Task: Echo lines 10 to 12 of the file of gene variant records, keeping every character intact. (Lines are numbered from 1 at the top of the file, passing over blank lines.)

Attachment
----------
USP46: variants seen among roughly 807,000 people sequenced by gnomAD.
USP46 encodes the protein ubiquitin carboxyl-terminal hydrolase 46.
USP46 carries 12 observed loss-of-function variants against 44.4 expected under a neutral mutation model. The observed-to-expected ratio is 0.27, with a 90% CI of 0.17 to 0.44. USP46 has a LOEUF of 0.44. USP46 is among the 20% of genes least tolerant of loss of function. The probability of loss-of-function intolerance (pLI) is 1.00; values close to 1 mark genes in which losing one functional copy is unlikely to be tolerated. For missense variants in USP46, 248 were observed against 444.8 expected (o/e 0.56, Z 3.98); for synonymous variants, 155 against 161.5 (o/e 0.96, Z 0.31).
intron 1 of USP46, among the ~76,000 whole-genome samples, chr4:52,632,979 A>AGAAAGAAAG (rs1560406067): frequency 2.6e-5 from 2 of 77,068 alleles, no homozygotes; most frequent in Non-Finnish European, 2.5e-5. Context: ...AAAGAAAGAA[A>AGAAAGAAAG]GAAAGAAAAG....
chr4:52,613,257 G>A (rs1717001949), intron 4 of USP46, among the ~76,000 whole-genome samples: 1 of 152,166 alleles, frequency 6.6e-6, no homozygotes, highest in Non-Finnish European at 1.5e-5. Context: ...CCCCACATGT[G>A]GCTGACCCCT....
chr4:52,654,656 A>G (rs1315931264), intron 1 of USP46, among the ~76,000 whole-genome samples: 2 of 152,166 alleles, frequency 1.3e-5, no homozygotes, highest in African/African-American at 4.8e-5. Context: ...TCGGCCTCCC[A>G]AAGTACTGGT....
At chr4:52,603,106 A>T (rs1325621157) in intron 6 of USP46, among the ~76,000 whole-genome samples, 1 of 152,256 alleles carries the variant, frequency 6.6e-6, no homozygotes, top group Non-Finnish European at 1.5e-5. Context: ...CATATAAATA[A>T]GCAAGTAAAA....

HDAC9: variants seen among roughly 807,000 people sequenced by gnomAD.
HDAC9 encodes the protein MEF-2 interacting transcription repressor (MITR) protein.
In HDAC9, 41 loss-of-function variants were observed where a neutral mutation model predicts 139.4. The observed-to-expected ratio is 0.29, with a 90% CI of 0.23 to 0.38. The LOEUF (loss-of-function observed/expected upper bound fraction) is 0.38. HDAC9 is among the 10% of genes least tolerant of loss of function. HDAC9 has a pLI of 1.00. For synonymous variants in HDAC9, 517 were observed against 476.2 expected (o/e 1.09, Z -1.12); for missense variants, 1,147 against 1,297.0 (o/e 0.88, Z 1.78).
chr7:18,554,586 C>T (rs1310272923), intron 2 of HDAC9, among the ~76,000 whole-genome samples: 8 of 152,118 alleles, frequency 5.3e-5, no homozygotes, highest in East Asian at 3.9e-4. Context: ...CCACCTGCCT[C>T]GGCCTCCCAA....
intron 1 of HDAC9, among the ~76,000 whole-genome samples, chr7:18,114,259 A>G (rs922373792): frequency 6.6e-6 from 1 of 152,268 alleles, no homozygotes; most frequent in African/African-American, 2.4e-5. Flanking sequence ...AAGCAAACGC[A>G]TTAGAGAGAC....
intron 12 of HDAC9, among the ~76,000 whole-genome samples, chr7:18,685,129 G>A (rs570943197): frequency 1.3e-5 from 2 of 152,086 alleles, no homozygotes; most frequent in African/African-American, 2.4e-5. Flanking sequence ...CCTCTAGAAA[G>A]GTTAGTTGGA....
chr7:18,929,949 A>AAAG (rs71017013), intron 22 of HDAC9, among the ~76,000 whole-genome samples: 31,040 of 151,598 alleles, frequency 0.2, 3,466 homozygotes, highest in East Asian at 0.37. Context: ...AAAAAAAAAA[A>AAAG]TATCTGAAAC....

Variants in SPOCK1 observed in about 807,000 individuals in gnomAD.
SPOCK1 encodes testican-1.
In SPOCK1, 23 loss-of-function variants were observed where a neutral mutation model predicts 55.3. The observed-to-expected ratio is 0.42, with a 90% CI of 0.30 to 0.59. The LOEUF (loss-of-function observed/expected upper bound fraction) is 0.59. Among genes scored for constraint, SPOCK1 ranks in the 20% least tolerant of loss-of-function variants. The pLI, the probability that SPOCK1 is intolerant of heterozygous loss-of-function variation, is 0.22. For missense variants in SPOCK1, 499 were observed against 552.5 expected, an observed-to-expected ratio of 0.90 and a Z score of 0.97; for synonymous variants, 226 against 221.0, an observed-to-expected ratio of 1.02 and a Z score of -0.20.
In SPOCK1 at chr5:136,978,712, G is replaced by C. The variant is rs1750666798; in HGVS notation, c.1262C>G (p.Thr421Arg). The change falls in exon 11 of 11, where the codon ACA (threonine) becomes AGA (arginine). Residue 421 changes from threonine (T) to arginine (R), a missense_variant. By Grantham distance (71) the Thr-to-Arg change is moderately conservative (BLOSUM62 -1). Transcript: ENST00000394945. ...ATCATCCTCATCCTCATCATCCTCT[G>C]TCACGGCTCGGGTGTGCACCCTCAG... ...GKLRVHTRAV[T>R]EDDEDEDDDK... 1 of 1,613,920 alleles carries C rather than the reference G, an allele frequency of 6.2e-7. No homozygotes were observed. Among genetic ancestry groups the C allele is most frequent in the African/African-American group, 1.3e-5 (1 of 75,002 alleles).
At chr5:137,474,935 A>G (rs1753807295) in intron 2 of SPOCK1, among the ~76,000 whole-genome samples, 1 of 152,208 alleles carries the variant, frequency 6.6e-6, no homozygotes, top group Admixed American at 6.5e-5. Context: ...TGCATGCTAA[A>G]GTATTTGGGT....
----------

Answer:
In HDAC9, 41 loss-of-function variants were observed where a neutral mutation model predicts 139.4. The observed-to-expected ratio is 0.29, with a 90% CI of 0.23 to 0.38. The LOEUF (loss-of-function observed/expected upper bound fraction) is 0.38. HDAC9 is among the 10% of genes least tolerant of loss of function. HDAC9 has a pLI of 1.00. For synonymous variants in HDAC9, 517 were observed against 476.2 expected (o/e 1.09, Z -1.12); for missense variants, 1,147 against 1,297.0 (o/e 0.88, Z 1.78).
chr7:18,554,586 C>T (rs1310272923), intron 2 of HDAC9, among the ~76,000 whole-genome samples: 8 of 152,118 alleles, frequency 5.3e-5, no homozygotes, highest in East Asian at 3.9e-4. Context: ...CCACCTGCCT[C>T]GGCCTCCCAA....
intron 1 of HDAC9, among the ~76,000 whole-genome samples, chr7:18,114,259 A>G (rs922373792): frequency 6.6e-6 from 1 of 152,268 alleles, no homozygotes; most frequent in African/African-American, 2.4e-5. Flanking sequence ...AAGCAAACGC[A>G]TTAGAGAGAC....